Playing For Change makes sense on paper, but when I think about it, it must take some amazing acts of kindness and giving to make it happen? There have been a lot of magic make-or-break moments. One of our mentors and partners is a 94-year-old man named Norman Leer. He invented sitcom televisions in the 1950s. It was basically the first use of media for social commentary. You know how you’re gonna get rid of racism? You make people watch a fat version of themselves be racist on TV. They laugh at it, and you might suddenly realise some of it is them. By laughing about it, they get through it and move forward. Norman brought us all these amazing opportunities and really elevated the consciousness of the project. We had some top 10 success with our songs at Billboard and Starbucks got behind us, so we were able to give all the featured musicians royalties. That changed communities and built trust. Then Keith Richards contacted us and wanted to work with us; that helped keep things going. 

Chris Blackwell is a partner with us as well. He founded Island Records and worked with Bob Marley. We met him when we were clearing our Songs Around The World of ‘One Love’. He said, ‘This idea of changing the world, you’ve got to keep it in perspective. Why don’t you just go out there and tip the scale a bit? Make the good better and the bad less bad and know you’ve done a lot.’ In a similar way, one of my heroes is Keb' Mo'. He said, ‘The important thing in life is to get up in the morning and let the inspiration take care of itself.’ You’ll never really know if what you’re doing is making change, but if you believe, your impact will keep rippling outward. This is the kind of thing we need to be doing to combat the giant wall of fear and propaganda.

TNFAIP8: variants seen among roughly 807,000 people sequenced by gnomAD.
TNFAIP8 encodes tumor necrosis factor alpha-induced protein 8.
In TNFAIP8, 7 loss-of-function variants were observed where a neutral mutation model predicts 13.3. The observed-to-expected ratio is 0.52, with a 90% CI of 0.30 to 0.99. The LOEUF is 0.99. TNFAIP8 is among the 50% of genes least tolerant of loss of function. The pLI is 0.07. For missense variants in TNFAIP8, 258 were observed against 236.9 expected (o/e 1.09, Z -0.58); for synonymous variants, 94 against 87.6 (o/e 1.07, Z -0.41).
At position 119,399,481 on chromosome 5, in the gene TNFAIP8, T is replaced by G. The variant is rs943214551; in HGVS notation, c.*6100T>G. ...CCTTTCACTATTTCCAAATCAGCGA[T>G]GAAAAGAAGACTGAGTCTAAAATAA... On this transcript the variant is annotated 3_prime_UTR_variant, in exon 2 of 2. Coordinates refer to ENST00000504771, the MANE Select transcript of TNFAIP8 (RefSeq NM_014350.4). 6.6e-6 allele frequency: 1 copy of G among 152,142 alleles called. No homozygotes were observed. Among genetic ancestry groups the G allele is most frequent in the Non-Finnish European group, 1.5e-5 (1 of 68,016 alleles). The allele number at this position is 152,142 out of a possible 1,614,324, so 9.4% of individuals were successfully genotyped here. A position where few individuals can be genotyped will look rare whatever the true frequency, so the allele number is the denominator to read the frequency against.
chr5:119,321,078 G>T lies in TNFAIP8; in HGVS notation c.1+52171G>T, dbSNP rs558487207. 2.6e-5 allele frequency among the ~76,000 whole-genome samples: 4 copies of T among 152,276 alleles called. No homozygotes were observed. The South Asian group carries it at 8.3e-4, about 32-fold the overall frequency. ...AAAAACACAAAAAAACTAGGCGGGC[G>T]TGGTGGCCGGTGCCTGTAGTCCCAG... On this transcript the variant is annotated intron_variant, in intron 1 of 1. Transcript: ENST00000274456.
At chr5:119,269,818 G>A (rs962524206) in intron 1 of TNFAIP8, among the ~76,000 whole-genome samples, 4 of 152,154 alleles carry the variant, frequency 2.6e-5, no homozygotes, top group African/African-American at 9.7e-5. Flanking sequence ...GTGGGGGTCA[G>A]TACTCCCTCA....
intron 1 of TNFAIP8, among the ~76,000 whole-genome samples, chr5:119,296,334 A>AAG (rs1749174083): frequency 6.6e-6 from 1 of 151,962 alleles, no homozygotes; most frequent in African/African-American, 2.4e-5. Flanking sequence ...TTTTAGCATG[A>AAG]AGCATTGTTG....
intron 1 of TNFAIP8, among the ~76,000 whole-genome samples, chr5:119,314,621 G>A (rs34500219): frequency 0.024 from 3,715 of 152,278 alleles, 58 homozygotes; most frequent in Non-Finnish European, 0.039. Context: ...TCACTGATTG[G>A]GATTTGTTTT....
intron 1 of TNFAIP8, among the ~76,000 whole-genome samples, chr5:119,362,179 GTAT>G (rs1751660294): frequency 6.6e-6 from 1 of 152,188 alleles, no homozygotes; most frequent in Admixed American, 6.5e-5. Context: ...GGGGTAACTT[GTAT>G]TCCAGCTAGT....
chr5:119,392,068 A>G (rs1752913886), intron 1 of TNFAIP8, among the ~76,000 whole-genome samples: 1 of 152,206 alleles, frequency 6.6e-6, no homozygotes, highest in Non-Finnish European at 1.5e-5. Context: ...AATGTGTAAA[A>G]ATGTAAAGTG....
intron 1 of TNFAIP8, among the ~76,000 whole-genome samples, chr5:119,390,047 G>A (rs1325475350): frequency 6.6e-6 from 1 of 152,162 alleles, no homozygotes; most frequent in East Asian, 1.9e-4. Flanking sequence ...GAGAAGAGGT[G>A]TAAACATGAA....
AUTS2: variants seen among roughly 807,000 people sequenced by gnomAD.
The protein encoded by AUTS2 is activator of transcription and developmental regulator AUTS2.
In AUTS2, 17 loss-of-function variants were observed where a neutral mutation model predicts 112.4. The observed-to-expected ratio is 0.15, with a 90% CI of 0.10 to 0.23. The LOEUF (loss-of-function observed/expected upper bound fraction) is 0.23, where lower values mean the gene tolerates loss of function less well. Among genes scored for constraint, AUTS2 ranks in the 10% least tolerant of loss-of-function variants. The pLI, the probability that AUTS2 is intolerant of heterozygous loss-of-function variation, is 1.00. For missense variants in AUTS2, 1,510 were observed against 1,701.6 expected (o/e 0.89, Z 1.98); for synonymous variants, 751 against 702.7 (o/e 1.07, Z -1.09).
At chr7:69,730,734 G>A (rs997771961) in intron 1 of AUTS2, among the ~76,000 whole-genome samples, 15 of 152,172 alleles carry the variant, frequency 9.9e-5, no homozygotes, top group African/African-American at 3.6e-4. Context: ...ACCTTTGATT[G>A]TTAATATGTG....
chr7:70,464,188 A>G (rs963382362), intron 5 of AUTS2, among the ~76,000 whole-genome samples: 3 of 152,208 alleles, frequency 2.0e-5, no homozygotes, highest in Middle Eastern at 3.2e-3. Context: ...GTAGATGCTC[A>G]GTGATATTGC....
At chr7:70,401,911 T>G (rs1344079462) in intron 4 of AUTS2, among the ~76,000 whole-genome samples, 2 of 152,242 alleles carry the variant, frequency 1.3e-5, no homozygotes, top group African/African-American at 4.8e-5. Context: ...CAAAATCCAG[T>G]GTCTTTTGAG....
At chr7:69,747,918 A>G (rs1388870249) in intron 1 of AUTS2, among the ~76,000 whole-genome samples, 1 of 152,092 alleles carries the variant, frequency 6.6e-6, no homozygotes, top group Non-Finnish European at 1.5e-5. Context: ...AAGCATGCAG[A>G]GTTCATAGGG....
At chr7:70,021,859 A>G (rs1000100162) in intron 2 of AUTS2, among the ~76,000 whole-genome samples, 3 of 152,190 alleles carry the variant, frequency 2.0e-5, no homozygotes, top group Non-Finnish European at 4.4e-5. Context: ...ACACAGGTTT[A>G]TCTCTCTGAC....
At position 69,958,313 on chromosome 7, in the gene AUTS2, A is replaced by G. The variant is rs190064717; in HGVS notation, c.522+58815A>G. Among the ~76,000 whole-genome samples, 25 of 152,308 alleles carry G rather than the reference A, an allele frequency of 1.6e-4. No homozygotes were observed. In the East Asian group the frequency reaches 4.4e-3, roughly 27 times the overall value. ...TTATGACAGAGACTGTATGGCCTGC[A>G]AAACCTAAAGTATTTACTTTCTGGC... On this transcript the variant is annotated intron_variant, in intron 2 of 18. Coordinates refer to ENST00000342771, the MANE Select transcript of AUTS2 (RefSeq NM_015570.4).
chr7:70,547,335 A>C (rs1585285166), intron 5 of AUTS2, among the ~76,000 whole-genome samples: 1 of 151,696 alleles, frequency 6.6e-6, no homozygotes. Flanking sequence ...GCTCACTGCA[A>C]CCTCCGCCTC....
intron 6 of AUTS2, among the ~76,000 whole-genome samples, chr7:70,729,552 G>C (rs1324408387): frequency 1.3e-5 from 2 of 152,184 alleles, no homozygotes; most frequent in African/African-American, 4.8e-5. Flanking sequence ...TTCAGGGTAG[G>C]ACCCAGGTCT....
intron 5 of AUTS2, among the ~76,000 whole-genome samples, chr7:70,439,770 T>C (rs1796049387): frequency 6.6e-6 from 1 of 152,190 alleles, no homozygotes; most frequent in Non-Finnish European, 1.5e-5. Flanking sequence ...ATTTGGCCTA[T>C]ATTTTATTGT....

Words by Martyn Pepperyll

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Why music? Well, why not music? Who doesn’t listen to music. Who has never been moved by music. Who has never exclaimed, ‘Oh, I love this song!’ Who has never been inspired by the prowess of a good guitarist playing live. Who has never had their mood completely turned on its head by music?

Music means so much to people; crossing cultures, countries and continents to bring us together in a shared love. Music provides and provokes thoughts, courage, inspiration, as well as a common language we can all speak, paving the way for global social movements. 

Recognising this power, we decided to start an online conversation a few months back, because we wanted to know more. Why is music so important, and how can we use it to promote social change and bring more awareness to the charitable sector here in New Zealand. 

Keeping it short and sweet we only asked two questions, kicking off with a question about why music inspires. And not too surprisingly, a number of people told us about the exhilaration, joy and transformative experiences they have with live music.

‘For me, there is nothing better than live music. I live for it. Gigs where it seems as though the crowd are entranced set my soul on fire! If I were religious, live music would be my church.’ - Annie

‘Few moments in life cause the hairs to stand up on the back of your neck, but something that does it regularly for me is music. Whether it’s hearing my favourite songs for the thousandth time, seeing an amazing live performance, or discovering a new band or movement.’ - Nic

‘I love hip hop music and when my sister started performing I knew she had something special. Her piano rap means the most. I get to see a part of her, through her words and rhythm, that would be trapped if it weren’t for music.’ - Hannah